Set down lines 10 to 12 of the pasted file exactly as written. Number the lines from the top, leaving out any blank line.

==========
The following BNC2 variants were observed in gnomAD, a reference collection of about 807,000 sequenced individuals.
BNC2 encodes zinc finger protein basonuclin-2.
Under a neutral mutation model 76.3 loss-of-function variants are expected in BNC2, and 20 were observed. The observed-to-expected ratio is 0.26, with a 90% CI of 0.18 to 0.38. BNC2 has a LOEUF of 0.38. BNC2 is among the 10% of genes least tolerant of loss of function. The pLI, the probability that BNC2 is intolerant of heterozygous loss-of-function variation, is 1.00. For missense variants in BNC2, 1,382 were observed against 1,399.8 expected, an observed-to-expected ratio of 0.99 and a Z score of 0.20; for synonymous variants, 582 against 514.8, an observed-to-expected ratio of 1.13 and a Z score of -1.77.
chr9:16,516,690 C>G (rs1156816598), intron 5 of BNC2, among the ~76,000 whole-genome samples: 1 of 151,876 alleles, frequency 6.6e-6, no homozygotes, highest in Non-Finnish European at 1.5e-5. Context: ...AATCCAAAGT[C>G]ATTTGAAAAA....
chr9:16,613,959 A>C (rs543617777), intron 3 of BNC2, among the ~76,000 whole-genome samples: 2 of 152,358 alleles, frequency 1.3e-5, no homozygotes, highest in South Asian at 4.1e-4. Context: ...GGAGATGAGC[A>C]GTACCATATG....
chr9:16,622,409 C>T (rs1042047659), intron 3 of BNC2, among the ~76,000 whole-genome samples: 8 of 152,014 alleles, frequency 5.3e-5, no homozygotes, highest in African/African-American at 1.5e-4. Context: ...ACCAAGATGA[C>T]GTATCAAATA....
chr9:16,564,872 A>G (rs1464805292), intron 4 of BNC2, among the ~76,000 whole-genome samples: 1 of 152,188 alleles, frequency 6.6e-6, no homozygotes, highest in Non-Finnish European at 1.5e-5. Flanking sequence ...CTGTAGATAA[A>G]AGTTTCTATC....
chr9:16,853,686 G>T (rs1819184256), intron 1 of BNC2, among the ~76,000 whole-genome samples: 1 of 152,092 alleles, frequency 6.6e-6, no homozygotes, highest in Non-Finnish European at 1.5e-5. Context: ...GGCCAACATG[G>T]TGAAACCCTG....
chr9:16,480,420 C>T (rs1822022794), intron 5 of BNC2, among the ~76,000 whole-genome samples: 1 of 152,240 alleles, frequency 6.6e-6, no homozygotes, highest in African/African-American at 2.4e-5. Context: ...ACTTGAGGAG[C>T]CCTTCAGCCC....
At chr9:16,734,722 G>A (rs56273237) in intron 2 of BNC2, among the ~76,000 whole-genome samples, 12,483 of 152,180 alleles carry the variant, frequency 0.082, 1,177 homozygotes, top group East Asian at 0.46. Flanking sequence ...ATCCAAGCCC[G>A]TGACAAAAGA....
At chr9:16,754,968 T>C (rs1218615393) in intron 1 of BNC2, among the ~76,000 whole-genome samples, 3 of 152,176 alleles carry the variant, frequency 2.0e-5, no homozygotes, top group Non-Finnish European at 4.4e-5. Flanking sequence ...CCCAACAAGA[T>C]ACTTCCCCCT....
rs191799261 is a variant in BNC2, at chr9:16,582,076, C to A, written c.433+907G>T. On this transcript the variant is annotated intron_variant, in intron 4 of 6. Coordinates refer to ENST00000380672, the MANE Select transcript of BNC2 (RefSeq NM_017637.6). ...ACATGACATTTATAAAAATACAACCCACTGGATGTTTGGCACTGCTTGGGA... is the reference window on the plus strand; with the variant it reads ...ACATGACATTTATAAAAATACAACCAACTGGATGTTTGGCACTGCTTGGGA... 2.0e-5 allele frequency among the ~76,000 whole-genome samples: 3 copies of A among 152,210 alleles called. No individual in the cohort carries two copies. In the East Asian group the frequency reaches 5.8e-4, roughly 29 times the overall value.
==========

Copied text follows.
At chr9:16,734,722 G>A (rs56273237) in intron 2 of BNC2, among the ~76,000 whole-genome samples, 12,483 of 152,180 alleles carry the variant, frequency 0.082, 1,177 homozygotes, top group East Asian at 0.46. Flanking sequence ...ATCCAAGCCC[G>A]TGACAAAAGA....
At chr9:16,754,968 T>C (rs1218615393) in intron 1 of BNC2, among the ~76,000 whole-genome samples, 3 of 152,176 alleles carry the variant, frequency 2.0e-5, no homozygotes, top group Non-Finnish European at 4.4e-5. Flanking sequence ...CCCAACAAGA[T>C]ACTTCCCCCT....
rs191799261 is a variant in BNC2, at chr9:16,582,076, C to A, written c.433+907G>T. On this transcript the variant is annotated intron_variant, in intron 4 of 6. Coordinates refer to ENST00000380672, the MANE Select transcript of BNC2 (RefSeq NM_017637.6). ...ACATGACATTTATAAAAATACAACCCACTGGATGTTTGGCACTGCTTGGGA... is the reference window on the plus strand; with the variant it reads ...ACATGACATTTATAAAAATACAACCAACTGGATGTTTGGCACTGCTTGGGA... 2.0e-5 allele frequency among the ~76,000 whole-genome samples: 3 copies of A among 152,210 alleles called. No individual in the cohort carries two copies. In the East Asian group the frequency reaches 5.8e-4, roughly 29 times the overall value.